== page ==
How 'Nebraska's' Composer Wrote Americana Music Without 'Banjo Plucking'
Mark Orton explains how 'temp love' got him the gig, what Alexander Payne's best advice is and why he didn't nab an Oscar nomination.
Composer Mark Orton recalls some good advice he received from Alexander Payne while scoring the director's Nebraska. "He just said, 'Listen -- just be brilliant,'" Orton tells The Hollywood Reporter.
The Portland-based composer was brought on to score Payne's best picture nominee after what Orton calls "a serious case of temp love." As in, music editor Richard Ford asked to use Orton's existing material as a temporary score for the film's Cannes premiere. Ford and Payne were so pleased that they tapped Orton to compose the final score (though they had planned to hire Payne's frequent collaborator Rolfe Kent).
The score was not Oscar-eligible, though, because it includes music Orton wrote earlier. Cues from his score to the 2006 film Sweet Land and pieces by his band Tin Hat remain in the final cut, of which about one-third is original composition.
The winsome Americana score was composed for Payne's concept of "Italian cinema on the plains," Orton says. "He didn't want something that was overtly Americana -- something that was banjo plucking, O Brother, Where Art Thou?"
That meant sparse instrumentation and less traditional instruments like the accordion. "The accordion and violin together is not often used in American film music -- as soon as [audiences] hear accordion, they think it's French," says Ford, who produced the score. He saw similarity in Orton's composing to that of Italian greats, he added. "There's a melancholy aspect to it that somehow seems to echo a lot of the Nino Rota scores, early [Federico] Fellini."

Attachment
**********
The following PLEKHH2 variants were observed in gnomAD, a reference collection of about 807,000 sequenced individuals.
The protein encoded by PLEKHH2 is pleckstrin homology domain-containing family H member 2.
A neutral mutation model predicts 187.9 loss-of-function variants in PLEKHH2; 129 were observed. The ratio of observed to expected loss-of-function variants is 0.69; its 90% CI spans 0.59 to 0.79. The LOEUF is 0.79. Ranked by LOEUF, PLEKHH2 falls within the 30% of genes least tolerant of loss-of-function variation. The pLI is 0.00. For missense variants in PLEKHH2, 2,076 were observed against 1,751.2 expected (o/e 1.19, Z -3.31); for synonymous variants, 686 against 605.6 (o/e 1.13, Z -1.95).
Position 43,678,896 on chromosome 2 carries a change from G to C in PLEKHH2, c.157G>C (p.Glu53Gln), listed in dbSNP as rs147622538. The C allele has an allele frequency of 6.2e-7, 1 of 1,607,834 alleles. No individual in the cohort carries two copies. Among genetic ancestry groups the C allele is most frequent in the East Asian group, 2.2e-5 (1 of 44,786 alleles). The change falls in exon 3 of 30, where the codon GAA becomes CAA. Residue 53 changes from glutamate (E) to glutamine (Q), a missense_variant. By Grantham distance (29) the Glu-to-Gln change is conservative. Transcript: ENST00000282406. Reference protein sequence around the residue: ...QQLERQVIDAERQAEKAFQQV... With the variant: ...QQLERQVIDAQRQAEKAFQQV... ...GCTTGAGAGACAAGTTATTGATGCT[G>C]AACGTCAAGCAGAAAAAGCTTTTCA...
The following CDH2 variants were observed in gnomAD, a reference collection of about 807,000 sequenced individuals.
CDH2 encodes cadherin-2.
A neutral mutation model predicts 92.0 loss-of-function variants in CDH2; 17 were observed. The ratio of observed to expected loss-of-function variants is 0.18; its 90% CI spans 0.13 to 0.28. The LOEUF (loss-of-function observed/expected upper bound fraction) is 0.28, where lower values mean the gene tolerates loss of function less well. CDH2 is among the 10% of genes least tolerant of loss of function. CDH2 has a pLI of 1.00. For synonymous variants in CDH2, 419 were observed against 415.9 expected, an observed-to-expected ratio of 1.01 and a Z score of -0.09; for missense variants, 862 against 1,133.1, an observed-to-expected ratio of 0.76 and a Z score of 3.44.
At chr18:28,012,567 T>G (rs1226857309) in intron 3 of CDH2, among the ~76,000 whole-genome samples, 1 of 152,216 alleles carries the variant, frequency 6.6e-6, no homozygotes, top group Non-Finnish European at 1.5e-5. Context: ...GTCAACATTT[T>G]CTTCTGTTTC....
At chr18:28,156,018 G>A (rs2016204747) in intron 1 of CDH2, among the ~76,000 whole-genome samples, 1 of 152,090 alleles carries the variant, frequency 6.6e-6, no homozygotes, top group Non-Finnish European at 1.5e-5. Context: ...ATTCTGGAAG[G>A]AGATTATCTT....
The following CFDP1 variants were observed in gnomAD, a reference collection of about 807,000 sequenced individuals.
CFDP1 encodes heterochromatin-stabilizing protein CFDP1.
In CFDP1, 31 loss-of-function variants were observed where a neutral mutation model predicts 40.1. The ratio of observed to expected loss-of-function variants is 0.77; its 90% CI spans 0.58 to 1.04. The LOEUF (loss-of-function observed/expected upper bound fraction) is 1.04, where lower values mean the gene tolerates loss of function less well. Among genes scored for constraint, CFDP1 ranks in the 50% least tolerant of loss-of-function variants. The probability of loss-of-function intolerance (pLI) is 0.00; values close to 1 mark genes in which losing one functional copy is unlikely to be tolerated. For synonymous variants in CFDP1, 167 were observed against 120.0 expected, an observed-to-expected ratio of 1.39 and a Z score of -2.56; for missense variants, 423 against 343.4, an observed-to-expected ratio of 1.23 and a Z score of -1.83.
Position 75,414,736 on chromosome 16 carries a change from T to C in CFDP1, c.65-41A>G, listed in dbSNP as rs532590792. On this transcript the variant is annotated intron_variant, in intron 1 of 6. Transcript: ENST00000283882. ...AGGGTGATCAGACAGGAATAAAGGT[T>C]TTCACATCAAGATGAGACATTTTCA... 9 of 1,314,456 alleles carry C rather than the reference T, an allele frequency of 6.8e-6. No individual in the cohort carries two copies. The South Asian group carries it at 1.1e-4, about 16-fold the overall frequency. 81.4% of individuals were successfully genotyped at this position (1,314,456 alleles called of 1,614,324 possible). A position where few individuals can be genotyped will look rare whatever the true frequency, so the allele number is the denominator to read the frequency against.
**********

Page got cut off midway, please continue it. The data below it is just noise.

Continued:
Ford is a longtime fan of Tin Hat, which led him to Orton's music for Nebraska. "[I've] always felt that their music was really filmic and thematic -- never overstated," Ford says. The composers' collective began as Tin Hat Trio, with Orton a founding member, in San Francisco in 1997. Its members -- Carla Kihlstedt and Ben Goldberg and former members Ara Anderson and Rob Burger -- play on much of Nebraska's score with Orton, and their participation was another draw for Payne.
"He didn't want a session musician -- though there are great session players out there, he didn't want that feel to it," Orton says. They are joined on the score by members of the Oregon Symphony and Mickey Raphael, Willie Nelson's harmonica player, as well as Orton's wife Megan, a violinist.
The all-acoustic instrumentation of Tin Hat struck the tone Payne wanted for Nebraska's music. "He was looking for that side of what I do -- even though I do some orchestral stuff, he really was looking for that kind of handmade, organic, natural quality to it," Orton says.
The film's most difficult cue for Orton was the somber solo piano that plays as Woody (Bruce Dern) steps through his old house. Avoiding a "schmaltzy" tone was a challenge -- "I tried some stuff with strings in that cue that got a little oversentimental for Alexander," he says -- but finding the perfect piano was another. "I had recorded originally on this old Steinway that I have from the early 1900s, and it has a very particular character," Orton says. To re-record, "something we struggled with in the end was actually going around Hollywood trying to find the right vintage, the right era of piano."
Payne, who is up for the best director Oscar, is "very smart musically," Orton says. "He's one of the few directors that has actually been humming back and forth some stuff with me at the piano." Orton adds that he's decisive. "There's not a moment of wishy-washy. It was really a pleasure, because even if something wasn't working, it was clear why and what direction to take it next."
Orton adds that a highlight was composing for the film's long stretches of image without dialogue -- opportunities for thematic composition like Tin Hat's. "I really got to play up some themes," he explains. "The film plays as a dozen music videos for me with gorgeous cinematography, gorgeous black-and-white cinematography.
"I get to really step out," he says.
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